On November 14, 1960, a 6-year-old girl walked into William J. Frantz Elementary School in New Orleans. That seemingly mundane moment would shake the community and change the city forever.
Path to Integration
Before a first-grader named Ruby Bridges entered that school, the state of Louisiana had tried to stop her and other black students from enrolling in all-white schools. After the Supreme Court's 1954 Brown v. Board of Education decision mandated desegregation of public schools, Louisiana and many Southern states passed laws to close schools facing racial integration. After those laws were overturned by the federal courts, the day finally came when the promise of Brown v. Board of Education would be met in New Orleans.
Federal district judge J. Skelly Wright ordered desegregation to begin on November 14. On that day three black girls began first grade at the McDonough school and Bridges at William Frantz. With integration came protest and upheaval. A local citizens' council called on white parents to boycott the schools, with one leader of the organization saying they must "do something" before "burr-heads are forced into your schools." When Bridges, who was guarded by marshals, arrived, she encountered mobs of white parents, who shouted racial epithets and threats. Integration supporters, including NAACP leaders and white activists, faced death threats. Bridge's father was fired from his job, and the white owners of a grocery store refused to allow her family to shop. By the end of the week, only three white families remained in the Frantz school; all white parents had removed their children from McDonough.
Protests dwindled as the school year continued, and by the time Bridges began second grade the next year, she was joined by a few other black students as well as returning white students. But school integration also coincided with an exodus of middle-class white families to the suburbs, where developments were built during the 1960s. The black population of New Orleans rose from 37 percent in 1960 to 45 percent in 1970, and became a majority of 55 percent by 1980. Ten years after Bridges and three other girls became the first black children to attend New Orleans public school, more than 70 percent of the students in the public school system were black.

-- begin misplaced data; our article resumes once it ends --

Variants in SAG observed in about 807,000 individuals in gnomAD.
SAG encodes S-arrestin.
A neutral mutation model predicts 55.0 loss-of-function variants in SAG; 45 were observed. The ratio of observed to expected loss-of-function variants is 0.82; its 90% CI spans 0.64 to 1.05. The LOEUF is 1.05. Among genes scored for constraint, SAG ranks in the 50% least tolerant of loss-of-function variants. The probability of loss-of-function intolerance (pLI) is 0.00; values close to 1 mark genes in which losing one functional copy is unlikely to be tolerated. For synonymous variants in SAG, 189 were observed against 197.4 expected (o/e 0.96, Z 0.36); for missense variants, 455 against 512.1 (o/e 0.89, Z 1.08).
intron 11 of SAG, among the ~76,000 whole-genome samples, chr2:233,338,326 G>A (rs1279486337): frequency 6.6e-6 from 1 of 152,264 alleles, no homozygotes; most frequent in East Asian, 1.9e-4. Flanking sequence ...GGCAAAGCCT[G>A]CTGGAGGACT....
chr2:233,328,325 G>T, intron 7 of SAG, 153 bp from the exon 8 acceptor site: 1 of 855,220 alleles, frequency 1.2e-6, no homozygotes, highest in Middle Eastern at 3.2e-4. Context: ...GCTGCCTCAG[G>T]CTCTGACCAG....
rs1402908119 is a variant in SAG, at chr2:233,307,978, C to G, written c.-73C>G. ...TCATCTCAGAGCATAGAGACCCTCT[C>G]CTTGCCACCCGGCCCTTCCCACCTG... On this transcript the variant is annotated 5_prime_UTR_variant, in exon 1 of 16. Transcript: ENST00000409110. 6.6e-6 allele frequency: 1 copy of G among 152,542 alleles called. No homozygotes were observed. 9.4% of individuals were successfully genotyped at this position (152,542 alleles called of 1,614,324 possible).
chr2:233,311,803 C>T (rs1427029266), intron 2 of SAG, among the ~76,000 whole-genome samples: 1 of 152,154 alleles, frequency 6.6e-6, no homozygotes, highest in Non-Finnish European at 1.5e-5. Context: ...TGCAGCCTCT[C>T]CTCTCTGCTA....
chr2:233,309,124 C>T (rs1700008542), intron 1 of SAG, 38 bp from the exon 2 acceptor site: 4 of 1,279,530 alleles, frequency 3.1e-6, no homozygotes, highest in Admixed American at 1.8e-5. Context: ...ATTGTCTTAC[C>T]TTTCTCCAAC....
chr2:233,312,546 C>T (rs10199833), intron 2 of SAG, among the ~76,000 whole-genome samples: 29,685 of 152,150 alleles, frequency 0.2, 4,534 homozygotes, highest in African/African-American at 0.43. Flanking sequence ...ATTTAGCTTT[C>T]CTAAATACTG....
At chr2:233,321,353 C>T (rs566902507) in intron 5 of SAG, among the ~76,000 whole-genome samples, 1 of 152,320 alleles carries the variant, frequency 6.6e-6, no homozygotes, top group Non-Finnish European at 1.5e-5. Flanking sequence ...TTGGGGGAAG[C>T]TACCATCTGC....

Shortly after New Orleans public schools desegregated, the city's most prestigious institution of higher learning faced the same issue. Tulane University had been a segregated institution for its 129-year history until February 1963, when 11 black students enrolled. They arrived after a lawsuit was filed against the university, maintaining that Tulane's involvement with the state precluded its private status. While a decision in favor of Tulane was on appeal, the university's board voted to admit black students. Rosa Keller, a white activist and president of the local Urban League who helped initiate the lawsuit, said at the time, "I think a lot of people realized that Tulane would be irreparably damaged if they didn't go on and do what they all knew by that time they had to do." When it came to integration, she could have said the same thing about New Orleans itself.
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